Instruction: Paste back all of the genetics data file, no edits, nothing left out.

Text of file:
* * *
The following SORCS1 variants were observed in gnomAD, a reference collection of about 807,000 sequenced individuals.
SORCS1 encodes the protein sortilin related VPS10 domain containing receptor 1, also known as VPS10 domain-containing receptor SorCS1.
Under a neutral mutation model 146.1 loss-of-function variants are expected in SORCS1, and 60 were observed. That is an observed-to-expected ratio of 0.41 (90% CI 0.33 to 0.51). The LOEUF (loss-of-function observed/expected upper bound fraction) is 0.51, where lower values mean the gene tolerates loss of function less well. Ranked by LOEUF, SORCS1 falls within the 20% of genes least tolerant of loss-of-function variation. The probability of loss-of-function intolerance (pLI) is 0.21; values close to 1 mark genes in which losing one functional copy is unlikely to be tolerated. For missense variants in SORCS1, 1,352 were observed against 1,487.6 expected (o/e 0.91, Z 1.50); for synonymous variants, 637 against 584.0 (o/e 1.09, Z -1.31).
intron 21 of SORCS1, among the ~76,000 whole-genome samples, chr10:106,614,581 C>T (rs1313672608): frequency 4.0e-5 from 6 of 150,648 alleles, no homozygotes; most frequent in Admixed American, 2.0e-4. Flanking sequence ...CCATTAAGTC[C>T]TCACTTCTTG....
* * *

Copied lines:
The following SORCS1 variants were observed in gnomAD, a reference collection of about 807,000 sequenced individuals.
SORCS1 encodes the protein sortilin related VPS10 domain containing receptor 1, also known as VPS10 domain-containing receptor SorCS1.
Under a neutral mutation model 146.1 loss-of-function variants are expected in SORCS1, and 60 were observed. That is an observed-to-expected ratio of 0.41 (90% CI 0.33 to 0.51). The LOEUF (loss-of-function observed/expected upper bound fraction) is 0.51, where lower values mean the gene tolerates loss of function less well. Ranked by LOEUF, SORCS1 falls within the 20% of genes least tolerant of loss-of-function variation. The probability of loss-of-function intolerance (pLI) is 0.21; values close to 1 mark genes in which losing one functional copy is unlikely to be tolerated. For missense variants in SORCS1, 1,352 were observed against 1,487.6 expected (o/e 0.91, Z 1.50); for synonymous variants, 637 against 584.0 (o/e 1.09, Z -1.31).
intron 21 of SORCS1, among the ~76,000 whole-genome samples, chr10:106,614,581 C>T (rs1313672608): frequency 4.0e-5 from 6 of 150,648 alleles, no homozygotes; most frequent in Admixed American, 2.0e-4. Flanking sequence ...CCATTAAGTC[C>T]TCACTTCTTG....